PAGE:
January 30, 2006

more copyright ridiculousness

Apparently some stage directors are trying to sue for copyright infringement when a subsequent performance of a play uses any of their 'original' stage direction. This ME ME ME attitude makes me sick...

a salient excerpt from the sensible side of the argument:

"But that does not mean, he argued, that the director owns his work, any more than an actor does. Not everything creative is copyrightable. The repercussions, he said, would be too dire. If each director's staging of a relatively new play had copyright protection, very soon there would be no staging options left. The play would become so encumbered with licenses, or the risk of lawsuits, that it would be impossible to produce — a net loss to the culture. Even classic works like "Romeo and Juliet" might gradually be removed from the public domain, thus perverting the aim of copyright law, which is to increase the flow of ideas and artwork by providing an incentive to their creators. "If Leonard Bernstein had been in a position to copyright his interpretation of Mahler," Mr. Weidman asked, "would another conductor who thought that interpretation was right, and then conducted Mahler in the same way, be stealing from Bernstein?" "


Here's the full article:

Exit, Pursued by a Lawyer

Posted by halsey at 08:52 AM

January 28, 2006

the dawn of Saturday

Download: Until I'm Ready

I wrote this piece specifically for the public radio program Weekend America. In fact, it will be broadcast today along with some audio documentation of my process and of a Bring Your Own Voice event.
I've always thought that the whole notion of a weekend and the five days on, two days off schedule of our culture is interesting. Some people I know are no different from weekday to weekend day, but others act like entirely different people when they are free of the confines that their jobs or school put on them.
Weekend America, as the name suggests, focuses on weekends and how people use them etc, so this topic was clearly appropriate for this piece.

To answer some questions:

Where did all the voices come from?
All of the spoken voices were collected two weeks ago at a Bring Your Own Voice event at the Museum of Science in Boston. The MoS is a significant weekend destination in Boston, especially for kids and families, so I was able to collect a ton of voices ranging from 5 to 75 years old.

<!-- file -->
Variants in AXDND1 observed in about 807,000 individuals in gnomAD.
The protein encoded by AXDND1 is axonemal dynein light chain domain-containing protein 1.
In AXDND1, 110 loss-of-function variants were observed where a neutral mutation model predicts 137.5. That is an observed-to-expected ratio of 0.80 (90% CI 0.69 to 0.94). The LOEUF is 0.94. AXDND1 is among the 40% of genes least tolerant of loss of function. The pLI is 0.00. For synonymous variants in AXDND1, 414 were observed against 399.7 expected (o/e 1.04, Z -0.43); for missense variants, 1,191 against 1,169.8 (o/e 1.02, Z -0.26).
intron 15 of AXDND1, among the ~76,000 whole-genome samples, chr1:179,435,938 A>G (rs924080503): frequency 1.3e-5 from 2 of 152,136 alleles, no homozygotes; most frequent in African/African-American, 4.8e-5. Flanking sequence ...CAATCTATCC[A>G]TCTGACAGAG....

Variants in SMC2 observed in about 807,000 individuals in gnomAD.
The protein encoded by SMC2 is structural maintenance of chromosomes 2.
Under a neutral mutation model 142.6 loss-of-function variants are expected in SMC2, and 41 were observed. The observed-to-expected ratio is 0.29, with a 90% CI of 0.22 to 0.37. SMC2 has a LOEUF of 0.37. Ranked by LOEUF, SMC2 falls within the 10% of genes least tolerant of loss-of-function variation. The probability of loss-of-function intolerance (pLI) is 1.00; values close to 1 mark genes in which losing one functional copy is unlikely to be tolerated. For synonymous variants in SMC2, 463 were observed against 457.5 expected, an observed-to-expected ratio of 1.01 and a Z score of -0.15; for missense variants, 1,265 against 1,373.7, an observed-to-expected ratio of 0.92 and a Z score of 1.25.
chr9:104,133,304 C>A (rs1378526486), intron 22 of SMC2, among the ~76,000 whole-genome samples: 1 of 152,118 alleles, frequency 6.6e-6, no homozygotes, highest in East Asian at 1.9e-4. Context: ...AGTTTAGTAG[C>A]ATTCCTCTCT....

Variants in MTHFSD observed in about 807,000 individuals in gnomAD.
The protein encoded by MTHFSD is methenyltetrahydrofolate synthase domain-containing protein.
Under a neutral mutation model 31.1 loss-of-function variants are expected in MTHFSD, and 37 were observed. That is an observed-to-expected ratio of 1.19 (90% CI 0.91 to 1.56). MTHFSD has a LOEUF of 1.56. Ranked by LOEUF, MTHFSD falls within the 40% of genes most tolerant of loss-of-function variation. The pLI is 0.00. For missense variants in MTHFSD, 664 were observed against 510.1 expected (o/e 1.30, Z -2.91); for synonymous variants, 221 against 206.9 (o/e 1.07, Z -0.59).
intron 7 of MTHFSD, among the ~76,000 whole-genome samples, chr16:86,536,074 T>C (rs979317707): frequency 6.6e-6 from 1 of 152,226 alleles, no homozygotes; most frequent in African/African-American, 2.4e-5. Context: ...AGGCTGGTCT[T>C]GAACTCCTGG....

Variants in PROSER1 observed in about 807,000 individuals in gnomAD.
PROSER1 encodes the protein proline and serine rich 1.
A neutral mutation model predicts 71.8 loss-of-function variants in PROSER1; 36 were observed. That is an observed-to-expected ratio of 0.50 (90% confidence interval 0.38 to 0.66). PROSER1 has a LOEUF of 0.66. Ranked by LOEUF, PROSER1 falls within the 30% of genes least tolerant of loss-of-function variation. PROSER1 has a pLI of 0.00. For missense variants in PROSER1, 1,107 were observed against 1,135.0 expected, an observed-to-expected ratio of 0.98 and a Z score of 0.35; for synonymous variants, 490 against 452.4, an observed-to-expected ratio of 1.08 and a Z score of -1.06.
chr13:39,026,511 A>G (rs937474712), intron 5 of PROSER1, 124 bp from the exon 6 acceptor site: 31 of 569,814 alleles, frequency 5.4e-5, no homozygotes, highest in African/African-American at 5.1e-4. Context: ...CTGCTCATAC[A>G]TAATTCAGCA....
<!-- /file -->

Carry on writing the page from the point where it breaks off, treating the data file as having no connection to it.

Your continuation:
What's up with all the horns?

I thought saxes and trumpet would provide a nice upbeat sort of weekend feel. It is really fun to arrange horns as well.

It sounds like that kid is singing "It's Saturday, the..." throughout the piece. I thought you only ask people to speak, not sing?

This was one of those amazing moments that happens sometimes as I'm arranging and listening to the voice recordings. The thing is, that kid didn't sing those words at all, and if you listen to them in context, they could easily pass you by as not terribly interesting. But when I put them on their own and stuck them in with the music, all of a sudden it was as if I'd asked him to sing a set melody. He was in key and tempo to what I had already written. When things like that happen, I know I must be doing something right.

How do you feel about Sunday evenings?
I used to not be such a big fan of them when I had a 'real' job, I will admit. I wouldn't feel dread exactly, but there would be some sort ofrestricting feeling that would pass through me when thinking about the reality of Monday morning. Nowadays, I am working for myself which more than anything means that I work on the weekends, so there isn't much difference at all between my weeks and weekends. Of course, the work is fun, so it's ok. There was an elderly gentleman who stated in his recording that his weeks and weekends weren't all that different either. But this was because he was retired and relaxed all the time. That sounds nice.

Do you wear pajamas?

Not any more.

Posted by halsey at 12:45 PM

the dawn of Saturday

Download: Until I'm Ready

I wrote this piece specifically for the public radio program Weekend America. In fact, it will be broadcast today along with some audio documentation of my process and of a Bring Your Own Voice event.
I've always thought that the whole notion of a weekend and the five days on, two days off schedule of our culture is interesting. Some people I know are no different from weekday to weekend day, but others act like entirely different people when they are free of the confines that their jobs or school put on them.